The epidemic of obesity worldwide is continuing to grow. Current statistics estimate that 61.3% of adult females in the United States are classified as overweight, with 34.3% classified as obese.1 The remarkable growth can be best-illustrated when we compare these rates with those just 10 years ago, when only 20.8% of the U.S. female population was classified as obese.1 The increase in obesity has led to the development of subclassifications within the larger obese group as follows: class I, body mass index (BMI, calculated as weight (kg)/[height (m)]2) 30–34.9; class II, BMI 35–39.9; and class III, BMI 40 or more.2 In 2007–2008, 10.5% of females of reproductive age (age 20–39 years) were class II obese and 7.5% were class III.1
Equally discouraging is the prevalence of unintended pregnancy, which, despite widespread use of contraception, is still estimated to be 49%.3 Preventing unplanned pregnancy in obese females is especially important given the associated comorbidities and pregnancy complications. Still understudied is the role that obesity plays in contraceptive effectiveness. Most contraceptive research has been limited to females who are within 130% of ideal body weight. To date, there has been conflicting data regarding contraceptive failure rates among overweight and obese females using combined hormonal contraception (oral contraceptive pill [OCP] and the contraceptive patch and ring).4–7 Holt et al8 performed a case-control study evaluating failures of OCPs in users and suggest that being overweight may be associated with an increased risk of pregnancy while using OCPs. The methodology of this study has been challenged, however, citing recall bias as well as flaws in the design and data collection.9 Among the proposed mechanisms for increased failure rates are incomplete ovarian suppression leading to more frequent ovulation and altered bioavailability of the active drugs, perhaps because of variable rates of metabolism and clearance or differences in steroid distribution and absorption.10–12 Thus, accurate contraceptive counseling regarding failure rates in obese females is difficult.
The objective of our study was to estimate whether contraceptive failure rates were associated with increasing BMI. Our null hypothesis was that there would be no difference in failure rates with increasing BMI.
MATERIALS AND METHODS
The methodologic details of the Contraceptive CHOICE Project have been previously published13 and enrolled participants from August 2007 through September 2011. A brief description of the project and this specific analysis are described. The CHOICE protocol was approved by the Institutional Review Board at Washington University in St. Louis.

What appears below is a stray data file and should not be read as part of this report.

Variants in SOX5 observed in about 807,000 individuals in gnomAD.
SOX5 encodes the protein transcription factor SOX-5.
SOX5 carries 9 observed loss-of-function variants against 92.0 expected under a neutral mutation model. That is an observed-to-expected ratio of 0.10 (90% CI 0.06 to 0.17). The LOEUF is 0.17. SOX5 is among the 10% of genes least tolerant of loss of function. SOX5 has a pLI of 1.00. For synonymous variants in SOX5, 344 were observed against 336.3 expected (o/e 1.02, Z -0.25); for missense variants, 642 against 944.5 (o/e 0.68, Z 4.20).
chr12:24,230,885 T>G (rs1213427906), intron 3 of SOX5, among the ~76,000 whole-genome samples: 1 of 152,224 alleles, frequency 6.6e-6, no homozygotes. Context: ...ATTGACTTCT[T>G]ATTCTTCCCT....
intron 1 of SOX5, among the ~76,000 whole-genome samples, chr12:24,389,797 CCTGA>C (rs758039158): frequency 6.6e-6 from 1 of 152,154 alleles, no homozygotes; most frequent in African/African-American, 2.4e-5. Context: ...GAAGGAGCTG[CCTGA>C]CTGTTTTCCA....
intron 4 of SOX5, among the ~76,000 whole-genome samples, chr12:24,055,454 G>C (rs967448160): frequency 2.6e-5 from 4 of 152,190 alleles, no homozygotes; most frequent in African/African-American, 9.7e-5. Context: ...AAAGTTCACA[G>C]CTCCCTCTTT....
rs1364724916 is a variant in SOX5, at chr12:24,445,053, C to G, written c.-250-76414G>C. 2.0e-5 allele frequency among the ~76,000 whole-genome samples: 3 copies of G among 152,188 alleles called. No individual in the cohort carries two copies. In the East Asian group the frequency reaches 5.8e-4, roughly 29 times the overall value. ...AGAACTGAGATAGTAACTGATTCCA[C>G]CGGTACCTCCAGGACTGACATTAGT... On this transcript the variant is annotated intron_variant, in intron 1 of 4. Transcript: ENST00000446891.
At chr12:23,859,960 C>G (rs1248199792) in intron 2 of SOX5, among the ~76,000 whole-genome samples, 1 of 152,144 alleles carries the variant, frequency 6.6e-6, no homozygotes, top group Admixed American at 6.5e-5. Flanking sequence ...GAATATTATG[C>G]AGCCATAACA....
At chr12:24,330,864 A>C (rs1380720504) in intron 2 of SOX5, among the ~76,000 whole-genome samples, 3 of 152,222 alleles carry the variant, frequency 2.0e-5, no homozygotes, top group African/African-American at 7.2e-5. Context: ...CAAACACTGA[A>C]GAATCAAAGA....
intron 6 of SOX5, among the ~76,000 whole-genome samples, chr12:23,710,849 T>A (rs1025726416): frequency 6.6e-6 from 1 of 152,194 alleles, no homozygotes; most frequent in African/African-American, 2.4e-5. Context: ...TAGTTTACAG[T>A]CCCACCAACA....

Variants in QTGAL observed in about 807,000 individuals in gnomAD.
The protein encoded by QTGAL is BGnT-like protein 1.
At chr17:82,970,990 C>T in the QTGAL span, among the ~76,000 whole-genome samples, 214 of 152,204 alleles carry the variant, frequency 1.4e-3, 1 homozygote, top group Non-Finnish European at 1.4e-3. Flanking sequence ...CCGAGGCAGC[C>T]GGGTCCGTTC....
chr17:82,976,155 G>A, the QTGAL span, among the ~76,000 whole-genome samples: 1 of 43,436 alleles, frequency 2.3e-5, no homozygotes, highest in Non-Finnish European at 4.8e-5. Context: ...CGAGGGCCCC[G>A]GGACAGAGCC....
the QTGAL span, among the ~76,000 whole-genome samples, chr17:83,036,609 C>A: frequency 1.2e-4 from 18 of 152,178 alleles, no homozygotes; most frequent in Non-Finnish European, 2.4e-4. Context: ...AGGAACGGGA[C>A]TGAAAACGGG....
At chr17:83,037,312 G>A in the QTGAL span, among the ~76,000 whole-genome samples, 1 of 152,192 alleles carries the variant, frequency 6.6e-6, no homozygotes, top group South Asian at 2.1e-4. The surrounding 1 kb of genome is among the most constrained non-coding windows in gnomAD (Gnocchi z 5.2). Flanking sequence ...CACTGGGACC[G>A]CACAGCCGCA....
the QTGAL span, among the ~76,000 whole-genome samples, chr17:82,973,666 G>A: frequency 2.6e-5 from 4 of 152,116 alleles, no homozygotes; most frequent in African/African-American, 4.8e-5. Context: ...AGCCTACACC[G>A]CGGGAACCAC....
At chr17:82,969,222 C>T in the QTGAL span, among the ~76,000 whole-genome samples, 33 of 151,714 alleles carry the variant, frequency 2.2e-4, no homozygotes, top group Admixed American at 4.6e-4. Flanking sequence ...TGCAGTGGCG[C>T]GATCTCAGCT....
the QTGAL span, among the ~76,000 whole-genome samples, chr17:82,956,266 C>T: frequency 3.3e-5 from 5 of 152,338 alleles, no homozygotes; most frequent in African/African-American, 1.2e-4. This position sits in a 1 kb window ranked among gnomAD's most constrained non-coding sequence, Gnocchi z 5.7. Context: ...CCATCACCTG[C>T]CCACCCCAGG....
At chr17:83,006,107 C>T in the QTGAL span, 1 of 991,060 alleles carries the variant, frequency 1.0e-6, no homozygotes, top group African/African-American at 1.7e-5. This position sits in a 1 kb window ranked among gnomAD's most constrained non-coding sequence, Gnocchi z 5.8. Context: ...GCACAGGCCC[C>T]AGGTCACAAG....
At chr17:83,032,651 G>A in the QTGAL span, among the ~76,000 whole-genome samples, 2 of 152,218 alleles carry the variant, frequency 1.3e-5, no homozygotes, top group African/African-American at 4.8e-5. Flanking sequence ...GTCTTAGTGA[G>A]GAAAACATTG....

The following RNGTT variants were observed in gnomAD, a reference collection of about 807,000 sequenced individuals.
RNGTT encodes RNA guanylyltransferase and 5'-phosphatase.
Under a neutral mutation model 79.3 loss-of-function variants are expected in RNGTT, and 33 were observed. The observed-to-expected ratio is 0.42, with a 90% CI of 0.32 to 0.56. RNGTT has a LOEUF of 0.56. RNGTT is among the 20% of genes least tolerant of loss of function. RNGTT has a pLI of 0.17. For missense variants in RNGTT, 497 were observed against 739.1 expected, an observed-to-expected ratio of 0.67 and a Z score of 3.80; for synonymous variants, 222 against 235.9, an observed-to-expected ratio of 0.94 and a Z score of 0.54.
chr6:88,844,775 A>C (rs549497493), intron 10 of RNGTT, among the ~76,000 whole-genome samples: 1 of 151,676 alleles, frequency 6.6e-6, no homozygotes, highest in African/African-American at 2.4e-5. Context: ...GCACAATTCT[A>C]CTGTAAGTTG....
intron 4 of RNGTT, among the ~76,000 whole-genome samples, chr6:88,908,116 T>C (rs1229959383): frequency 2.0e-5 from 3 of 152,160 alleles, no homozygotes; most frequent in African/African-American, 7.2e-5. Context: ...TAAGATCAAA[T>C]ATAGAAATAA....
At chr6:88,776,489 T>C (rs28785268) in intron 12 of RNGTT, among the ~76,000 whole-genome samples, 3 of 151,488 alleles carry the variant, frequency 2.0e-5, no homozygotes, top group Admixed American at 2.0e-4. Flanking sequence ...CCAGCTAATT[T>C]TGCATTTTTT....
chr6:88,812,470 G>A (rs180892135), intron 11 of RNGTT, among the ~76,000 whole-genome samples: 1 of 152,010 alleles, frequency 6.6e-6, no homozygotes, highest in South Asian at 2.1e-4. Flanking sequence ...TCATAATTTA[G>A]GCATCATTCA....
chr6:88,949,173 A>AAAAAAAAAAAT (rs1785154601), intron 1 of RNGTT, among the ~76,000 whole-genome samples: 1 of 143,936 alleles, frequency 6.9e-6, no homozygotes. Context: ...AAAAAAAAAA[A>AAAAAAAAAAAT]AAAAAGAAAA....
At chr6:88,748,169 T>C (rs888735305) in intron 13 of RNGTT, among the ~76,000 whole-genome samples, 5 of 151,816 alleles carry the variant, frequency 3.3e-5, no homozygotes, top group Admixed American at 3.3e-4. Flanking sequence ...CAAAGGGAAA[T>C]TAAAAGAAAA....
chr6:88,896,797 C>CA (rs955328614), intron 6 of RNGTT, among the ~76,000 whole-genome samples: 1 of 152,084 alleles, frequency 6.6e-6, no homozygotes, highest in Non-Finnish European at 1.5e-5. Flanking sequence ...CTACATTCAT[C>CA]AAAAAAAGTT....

The CHOICE Project is a prospective cohort study of 9,256 reproductive-age females in the St. Louis area that was designed to promote long-acting reversible contraceptive methods by reducing cost and access barriers and by increasing knowledge. Each potential participant received standardized contraceptive counseling on all available reversible methods. This counseling included information regarding effectiveness, common side effects, and risks and benefits for each method.14 Each participant was then provided with the reversible contraceptive method of her choice at no cost for 3 years (first 5,090 participants) or 2 years (remainder of the cohort). Participants choosing OCPs could choose from various types based on their own preferences or provider recommendations. Ethinyl estradiol dose in the combined hormonal methods ranged from 20 micrograms to 35 micrograms. Participants were allowed to change methods as many times as desired during the follow-up period.
Inclusion criteria for the CHOICE Project included the following: age 14–45 years; not currently using contraception or willing to change reversible contraceptive methods; not desiring pregnancy in the next 12 months; sexually active or intending sexual activity with a male partner in the next 6 months; reside in or seeking health care in the St. Louis area; and able to consent in English or Spanish. Females were excluded if they had a history of a sterilization procedure. This analysis includes the first 7,486 participants enrolled in the CHOICE Project, of which 1,523 chose the OCP, patch, or vaginal ring at enrollment. All participants who used the OCP, patch, or vaginal ring at any point during their study enrollment and had their BMI calculated at the time of enrollment using objectively measured weight and height were included.
Participants were followed-up with telephone interviews at 3 and 6 months, and every 6 months thereafter, and received a $10 gift card for each completed follow-up survey. The possibility of contraceptive failure was assessed at each follow-up survey with questions about missed menses and the perceptions of the participants regarding the possibility of pregnancy. Any participant concerned about pregnancy was offered a clinic appointment for urine testing to determine pregnancy. All pregnancies were documented in a pregnancy log. Each participant with a documented pregnancy was then asked whether the pregnancy was planned and what contraceptive method was being used at the time of conception. A true contraceptive failure was defined as pregnancy that occurred during a period of OCP, patch, or vaginal ring use. Intended or planned pregnancies and pregnancies occurring with other contraceptive method use (or no method) were excluded.